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Monday, December 19, 2011

Apple TV... what it could mean

The Apple television is getting traction again thanks to a WSJ article highlighting its progress.  Although, an interesting concept in the article is not so much about the actual TV, but the potential for Apple to act as a service.  To me this seems the most interesting, and truly disruptive force in TV.

We all hate our current cable providers. I know I do. I hate them, because I know they hate me. They don't care about me. When there is disruption to my service they claim they do not know until someone calls and informs them. (WTF?!?) They force me to purchase channels I do not watch in the guise of subsidizing the less watched channels.

What if Apple's TV strategy is to leverage its Apple TV to provide a-al-carte service to the current offerings?

Thanks to the iPad, we already know the set top box is an obsolete irrelevant piece of hardware. Its function, as it turns out, is literally to take up space and collect dust.  And here lies the importance of the Apple TV as it would facilitate such a service to most of the world's TVs.

The implications of such a subscription service to AAPL, imo, would be huge. It would effectively usher in a whole new class of investor to take a hard look at the stock. Basically, the value boys will be tripping over their feet to get into the name. (AAPL valued by the current cable company standards, ebitda cash flow, is disturbingly undervalued. I mean, just compare TWC ebitda to AAPLs. You do not need a complex model to tell you the obvious.)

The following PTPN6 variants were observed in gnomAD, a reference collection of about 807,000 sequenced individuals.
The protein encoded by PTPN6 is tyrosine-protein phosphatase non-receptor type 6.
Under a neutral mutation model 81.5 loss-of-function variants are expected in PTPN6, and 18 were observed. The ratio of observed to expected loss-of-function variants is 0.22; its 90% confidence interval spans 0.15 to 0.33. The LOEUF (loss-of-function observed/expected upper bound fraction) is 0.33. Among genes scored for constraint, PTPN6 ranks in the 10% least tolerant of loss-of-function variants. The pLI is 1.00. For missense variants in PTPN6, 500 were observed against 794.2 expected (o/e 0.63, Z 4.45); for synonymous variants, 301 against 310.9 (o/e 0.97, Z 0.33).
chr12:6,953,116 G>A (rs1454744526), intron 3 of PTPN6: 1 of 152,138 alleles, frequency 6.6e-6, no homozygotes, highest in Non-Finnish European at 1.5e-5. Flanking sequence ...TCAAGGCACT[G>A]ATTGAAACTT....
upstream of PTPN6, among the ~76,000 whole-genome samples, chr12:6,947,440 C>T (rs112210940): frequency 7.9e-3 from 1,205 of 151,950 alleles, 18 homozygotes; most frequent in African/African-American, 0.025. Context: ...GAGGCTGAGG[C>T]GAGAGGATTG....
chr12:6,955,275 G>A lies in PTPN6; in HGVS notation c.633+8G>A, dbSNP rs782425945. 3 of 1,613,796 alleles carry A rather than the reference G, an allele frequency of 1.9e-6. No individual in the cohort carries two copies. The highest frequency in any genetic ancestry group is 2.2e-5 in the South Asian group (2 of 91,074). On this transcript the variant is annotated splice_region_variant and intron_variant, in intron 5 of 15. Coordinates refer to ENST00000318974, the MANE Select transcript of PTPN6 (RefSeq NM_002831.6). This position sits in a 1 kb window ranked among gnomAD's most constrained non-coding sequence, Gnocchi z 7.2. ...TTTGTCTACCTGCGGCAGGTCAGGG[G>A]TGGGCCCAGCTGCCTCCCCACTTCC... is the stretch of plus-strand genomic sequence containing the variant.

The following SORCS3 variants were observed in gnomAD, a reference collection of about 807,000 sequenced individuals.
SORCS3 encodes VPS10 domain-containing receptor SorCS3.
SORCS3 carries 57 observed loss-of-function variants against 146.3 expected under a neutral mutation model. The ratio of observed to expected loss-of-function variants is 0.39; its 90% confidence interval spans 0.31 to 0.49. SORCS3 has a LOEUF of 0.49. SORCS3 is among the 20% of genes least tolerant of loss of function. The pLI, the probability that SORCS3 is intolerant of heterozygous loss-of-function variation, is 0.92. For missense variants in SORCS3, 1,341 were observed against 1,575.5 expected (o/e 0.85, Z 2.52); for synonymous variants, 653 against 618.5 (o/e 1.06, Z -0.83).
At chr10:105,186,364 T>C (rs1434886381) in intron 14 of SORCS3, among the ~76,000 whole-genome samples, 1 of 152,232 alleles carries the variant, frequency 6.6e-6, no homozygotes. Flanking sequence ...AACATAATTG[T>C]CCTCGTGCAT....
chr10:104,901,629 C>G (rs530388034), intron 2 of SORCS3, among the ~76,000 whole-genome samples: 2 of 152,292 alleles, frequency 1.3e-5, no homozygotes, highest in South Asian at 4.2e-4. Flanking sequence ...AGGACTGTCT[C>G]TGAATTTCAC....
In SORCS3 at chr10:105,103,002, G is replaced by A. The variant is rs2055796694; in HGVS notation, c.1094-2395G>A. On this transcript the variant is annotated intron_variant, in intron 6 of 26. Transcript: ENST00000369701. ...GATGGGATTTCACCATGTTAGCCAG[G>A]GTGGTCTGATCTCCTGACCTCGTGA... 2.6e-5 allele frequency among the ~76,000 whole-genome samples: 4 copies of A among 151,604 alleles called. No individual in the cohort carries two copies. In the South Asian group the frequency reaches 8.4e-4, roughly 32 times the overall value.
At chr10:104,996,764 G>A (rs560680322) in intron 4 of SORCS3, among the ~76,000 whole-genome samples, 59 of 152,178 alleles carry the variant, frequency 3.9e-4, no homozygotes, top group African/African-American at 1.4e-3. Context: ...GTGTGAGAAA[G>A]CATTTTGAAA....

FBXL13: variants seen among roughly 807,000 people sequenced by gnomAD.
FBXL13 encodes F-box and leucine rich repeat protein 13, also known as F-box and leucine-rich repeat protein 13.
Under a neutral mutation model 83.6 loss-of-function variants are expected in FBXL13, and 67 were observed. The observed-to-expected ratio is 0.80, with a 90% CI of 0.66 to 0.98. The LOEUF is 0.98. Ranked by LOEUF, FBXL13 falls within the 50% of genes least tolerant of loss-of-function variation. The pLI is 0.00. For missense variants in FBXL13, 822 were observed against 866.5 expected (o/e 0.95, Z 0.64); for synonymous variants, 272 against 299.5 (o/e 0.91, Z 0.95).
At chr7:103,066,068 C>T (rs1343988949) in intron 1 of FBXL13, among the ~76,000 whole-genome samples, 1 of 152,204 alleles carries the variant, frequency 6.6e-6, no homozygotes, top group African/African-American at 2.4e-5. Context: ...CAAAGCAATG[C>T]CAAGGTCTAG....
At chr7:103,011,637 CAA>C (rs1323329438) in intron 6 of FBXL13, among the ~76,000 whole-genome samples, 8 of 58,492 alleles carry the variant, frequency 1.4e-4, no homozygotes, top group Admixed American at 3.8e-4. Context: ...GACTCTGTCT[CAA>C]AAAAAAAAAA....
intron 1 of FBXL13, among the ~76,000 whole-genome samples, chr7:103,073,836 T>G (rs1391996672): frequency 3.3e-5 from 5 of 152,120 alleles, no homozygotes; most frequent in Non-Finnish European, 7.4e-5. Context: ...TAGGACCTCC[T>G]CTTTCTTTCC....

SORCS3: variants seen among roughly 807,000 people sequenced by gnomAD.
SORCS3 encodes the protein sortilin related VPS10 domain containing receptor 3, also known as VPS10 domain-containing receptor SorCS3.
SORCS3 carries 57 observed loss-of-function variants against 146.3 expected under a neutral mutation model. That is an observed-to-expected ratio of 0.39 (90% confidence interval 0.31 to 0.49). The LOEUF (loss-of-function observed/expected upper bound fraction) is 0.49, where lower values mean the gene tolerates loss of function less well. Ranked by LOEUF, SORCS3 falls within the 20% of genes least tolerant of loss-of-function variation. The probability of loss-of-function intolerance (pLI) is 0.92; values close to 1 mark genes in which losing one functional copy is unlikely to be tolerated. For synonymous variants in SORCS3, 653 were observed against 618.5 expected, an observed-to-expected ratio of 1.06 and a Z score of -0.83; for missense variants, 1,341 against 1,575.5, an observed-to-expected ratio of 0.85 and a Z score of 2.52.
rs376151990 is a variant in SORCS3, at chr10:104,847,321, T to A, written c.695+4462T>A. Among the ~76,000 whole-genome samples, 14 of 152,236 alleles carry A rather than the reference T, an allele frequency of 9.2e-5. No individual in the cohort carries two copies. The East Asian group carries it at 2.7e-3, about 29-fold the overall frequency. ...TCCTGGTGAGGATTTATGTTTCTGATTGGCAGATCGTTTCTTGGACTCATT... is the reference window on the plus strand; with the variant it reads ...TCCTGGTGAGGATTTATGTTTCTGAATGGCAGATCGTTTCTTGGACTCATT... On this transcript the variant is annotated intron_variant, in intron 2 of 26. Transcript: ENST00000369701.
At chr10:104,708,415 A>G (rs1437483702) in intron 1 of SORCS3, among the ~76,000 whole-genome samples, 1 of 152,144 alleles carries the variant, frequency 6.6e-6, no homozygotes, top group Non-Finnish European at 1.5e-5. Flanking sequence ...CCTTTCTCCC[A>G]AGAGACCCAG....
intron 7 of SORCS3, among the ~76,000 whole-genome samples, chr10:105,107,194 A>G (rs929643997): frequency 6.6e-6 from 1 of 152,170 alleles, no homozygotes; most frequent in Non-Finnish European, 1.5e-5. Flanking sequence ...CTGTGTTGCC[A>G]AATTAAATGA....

Toni Sacconaghi already revealed to us last week that the value investors were very much under investing in AAPL.  Having a subscription model would alleviate many of the concerns value investors have from the device-driven nature of the company.  A subscription model would also usher in a new basis of valuation, that would also benefit the stock, especially at current levels.

Technically, the model is now feasible. With advances from content delivery providers like AKAM, and the processing efficiency from FIO, IPTV is very real. The cable companies are already seeing the effects. Albeit, relatively small numbers of sub declines, at the moment, but the world is just waiting for a player to make IPTV user friendly. (Especially since the cable companies are doing nothing in order to protect their legacy businesses. They are fucked if they do not step up.)

This is really good news for Apple's stock. And with market declines, if anyone is looking for a momentum play, take a hard look at FIO.

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